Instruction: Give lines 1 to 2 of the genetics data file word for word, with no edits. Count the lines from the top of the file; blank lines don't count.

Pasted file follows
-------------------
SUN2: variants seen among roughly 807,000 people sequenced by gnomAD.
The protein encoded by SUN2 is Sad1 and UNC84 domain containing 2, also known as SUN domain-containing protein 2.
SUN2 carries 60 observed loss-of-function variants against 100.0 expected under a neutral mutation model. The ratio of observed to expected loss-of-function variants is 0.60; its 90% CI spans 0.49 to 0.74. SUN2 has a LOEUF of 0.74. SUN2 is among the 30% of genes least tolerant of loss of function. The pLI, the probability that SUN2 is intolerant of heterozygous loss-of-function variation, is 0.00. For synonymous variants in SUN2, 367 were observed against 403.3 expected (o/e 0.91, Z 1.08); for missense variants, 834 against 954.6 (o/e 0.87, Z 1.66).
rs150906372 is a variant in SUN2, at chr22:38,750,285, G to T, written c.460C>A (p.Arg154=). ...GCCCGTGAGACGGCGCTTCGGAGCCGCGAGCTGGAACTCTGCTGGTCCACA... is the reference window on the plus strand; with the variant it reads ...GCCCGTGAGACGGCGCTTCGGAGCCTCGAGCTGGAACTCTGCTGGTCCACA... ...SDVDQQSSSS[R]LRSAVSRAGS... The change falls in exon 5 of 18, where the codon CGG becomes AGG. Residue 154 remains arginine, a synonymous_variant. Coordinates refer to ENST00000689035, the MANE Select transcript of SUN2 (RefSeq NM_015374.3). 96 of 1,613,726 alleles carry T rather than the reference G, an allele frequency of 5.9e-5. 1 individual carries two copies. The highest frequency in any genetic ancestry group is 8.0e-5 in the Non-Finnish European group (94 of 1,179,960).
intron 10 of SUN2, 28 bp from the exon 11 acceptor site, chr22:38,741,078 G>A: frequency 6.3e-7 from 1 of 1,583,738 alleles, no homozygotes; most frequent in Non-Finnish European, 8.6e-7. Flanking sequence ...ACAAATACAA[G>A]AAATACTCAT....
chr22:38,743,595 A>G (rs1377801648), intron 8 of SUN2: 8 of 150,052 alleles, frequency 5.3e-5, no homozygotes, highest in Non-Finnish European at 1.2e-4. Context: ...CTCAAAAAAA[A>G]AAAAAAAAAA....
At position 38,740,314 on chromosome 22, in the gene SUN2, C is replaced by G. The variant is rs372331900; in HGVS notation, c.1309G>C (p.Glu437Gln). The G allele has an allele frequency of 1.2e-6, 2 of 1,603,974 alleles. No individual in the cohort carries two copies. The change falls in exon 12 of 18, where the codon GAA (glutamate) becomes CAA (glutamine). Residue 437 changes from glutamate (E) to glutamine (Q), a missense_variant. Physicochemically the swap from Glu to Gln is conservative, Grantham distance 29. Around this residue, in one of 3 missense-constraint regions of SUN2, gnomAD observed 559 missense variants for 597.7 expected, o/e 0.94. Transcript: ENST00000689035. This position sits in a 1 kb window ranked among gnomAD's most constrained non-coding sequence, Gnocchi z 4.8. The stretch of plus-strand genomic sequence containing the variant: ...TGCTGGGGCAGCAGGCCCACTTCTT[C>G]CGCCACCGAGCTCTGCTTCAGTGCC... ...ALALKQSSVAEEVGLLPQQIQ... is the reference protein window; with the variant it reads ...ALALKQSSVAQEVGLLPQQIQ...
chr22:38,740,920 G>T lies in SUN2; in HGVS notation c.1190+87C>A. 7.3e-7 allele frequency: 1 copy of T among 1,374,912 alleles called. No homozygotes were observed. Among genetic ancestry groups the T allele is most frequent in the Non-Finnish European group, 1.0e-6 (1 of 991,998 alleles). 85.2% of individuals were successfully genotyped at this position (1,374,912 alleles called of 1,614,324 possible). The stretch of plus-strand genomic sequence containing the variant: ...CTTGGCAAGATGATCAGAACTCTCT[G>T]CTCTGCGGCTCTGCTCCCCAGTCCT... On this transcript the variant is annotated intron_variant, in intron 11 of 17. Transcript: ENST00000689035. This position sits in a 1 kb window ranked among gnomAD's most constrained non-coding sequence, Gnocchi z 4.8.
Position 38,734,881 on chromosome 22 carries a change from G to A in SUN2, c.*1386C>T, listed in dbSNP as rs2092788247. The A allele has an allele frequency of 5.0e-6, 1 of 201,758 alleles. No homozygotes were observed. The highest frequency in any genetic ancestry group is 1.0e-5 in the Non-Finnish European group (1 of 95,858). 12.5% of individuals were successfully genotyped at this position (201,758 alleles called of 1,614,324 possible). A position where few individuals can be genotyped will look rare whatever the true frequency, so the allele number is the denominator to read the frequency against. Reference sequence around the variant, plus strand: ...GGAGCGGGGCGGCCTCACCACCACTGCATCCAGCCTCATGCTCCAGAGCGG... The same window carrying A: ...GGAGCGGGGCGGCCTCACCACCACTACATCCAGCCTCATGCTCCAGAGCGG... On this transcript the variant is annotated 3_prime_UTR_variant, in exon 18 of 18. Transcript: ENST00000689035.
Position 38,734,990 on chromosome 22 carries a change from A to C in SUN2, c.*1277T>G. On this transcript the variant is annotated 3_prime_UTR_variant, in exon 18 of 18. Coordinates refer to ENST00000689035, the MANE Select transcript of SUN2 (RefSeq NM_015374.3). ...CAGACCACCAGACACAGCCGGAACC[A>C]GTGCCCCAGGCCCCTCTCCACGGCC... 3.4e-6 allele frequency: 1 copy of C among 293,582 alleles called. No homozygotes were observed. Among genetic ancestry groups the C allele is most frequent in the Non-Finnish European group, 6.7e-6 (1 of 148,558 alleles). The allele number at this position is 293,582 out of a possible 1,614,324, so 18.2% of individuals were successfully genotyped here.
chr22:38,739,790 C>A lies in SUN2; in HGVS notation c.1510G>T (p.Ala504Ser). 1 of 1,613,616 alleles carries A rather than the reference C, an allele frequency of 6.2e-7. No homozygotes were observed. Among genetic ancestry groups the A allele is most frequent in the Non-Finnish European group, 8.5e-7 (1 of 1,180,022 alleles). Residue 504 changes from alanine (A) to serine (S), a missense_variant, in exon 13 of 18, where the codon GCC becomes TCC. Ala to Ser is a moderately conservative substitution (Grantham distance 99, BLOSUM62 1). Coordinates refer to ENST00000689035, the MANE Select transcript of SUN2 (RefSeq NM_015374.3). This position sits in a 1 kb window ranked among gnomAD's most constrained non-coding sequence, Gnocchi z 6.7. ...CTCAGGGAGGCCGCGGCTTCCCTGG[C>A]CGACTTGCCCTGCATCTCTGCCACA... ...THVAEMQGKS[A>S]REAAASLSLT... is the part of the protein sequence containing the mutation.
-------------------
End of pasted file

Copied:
SUN2: variants seen among roughly 807,000 people sequenced by gnomAD.
The protein encoded by SUN2 is Sad1 and UNC84 domain containing 2, also known as SUN domain-containing protein 2.